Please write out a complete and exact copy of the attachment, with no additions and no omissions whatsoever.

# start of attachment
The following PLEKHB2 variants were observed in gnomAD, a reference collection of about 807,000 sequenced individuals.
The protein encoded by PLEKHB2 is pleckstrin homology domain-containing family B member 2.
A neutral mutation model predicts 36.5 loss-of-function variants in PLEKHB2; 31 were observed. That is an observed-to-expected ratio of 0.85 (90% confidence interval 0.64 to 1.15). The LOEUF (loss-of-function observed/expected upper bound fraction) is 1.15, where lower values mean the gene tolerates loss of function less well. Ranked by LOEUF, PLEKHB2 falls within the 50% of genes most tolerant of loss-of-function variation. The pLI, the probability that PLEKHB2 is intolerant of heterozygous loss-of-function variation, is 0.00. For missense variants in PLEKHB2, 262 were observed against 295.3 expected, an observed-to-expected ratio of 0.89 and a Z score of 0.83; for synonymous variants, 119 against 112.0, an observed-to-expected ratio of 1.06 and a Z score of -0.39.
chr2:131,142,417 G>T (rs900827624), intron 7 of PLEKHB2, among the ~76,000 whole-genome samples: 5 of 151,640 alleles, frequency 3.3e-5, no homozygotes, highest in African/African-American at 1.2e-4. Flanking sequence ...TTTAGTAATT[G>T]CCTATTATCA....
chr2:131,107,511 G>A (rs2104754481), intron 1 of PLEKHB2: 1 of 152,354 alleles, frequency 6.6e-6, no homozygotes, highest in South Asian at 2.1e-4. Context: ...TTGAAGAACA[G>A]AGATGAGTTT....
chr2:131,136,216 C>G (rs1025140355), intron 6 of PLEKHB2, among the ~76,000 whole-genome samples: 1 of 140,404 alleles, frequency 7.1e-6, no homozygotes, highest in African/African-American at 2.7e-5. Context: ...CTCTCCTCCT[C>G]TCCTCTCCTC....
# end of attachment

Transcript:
The following PLEKHB2 variants were observed in gnomAD, a reference collection of about 807,000 sequenced individuals.
The protein encoded by PLEKHB2 is pleckstrin homology domain-containing family B member 2.
A neutral mutation model predicts 36.5 loss-of-function variants in PLEKHB2; 31 were observed. That is an observed-to-expected ratio of 0.85 (90% confidence interval 0.64 to 1.15). The LOEUF (loss-of-function observed/expected upper bound fraction) is 1.15, where lower values mean the gene tolerates loss of function less well. Ranked by LOEUF, PLEKHB2 falls within the 50% of genes most tolerant of loss-of-function variation. The pLI, the probability that PLEKHB2 is intolerant of heterozygous loss-of-function variation, is 0.00. For missense variants in PLEKHB2, 262 were observed against 295.3 expected, an observed-to-expected ratio of 0.89 and a Z score of 0.83; for synonymous variants, 119 against 112.0, an observed-to-expected ratio of 1.06 and a Z score of -0.39.
chr2:131,142,417 G>T (rs900827624), intron 7 of PLEKHB2, among the ~76,000 whole-genome samples: 5 of 151,640 alleles, frequency 3.3e-5, no homozygotes, highest in African/African-American at 1.2e-4. Flanking sequence ...TTTAGTAATT[G>T]CCTATTATCA....
chr2:131,107,511 G>A (rs2104754481), intron 1 of PLEKHB2: 1 of 152,354 alleles, frequency 6.6e-6, no homozygotes, highest in South Asian at 2.1e-4. Context: ...TTGAAGAACA[G>A]AGATGAGTTT....
chr2:131,136,216 C>G (rs1025140355), intron 6 of PLEKHB2, among the ~76,000 whole-genome samples: 1 of 140,404 alleles, frequency 7.1e-6, no homozygotes, highest in African/African-American at 2.7e-5. Context: ...CTCTCCTCCT[C>G]TCCTCTCCTC....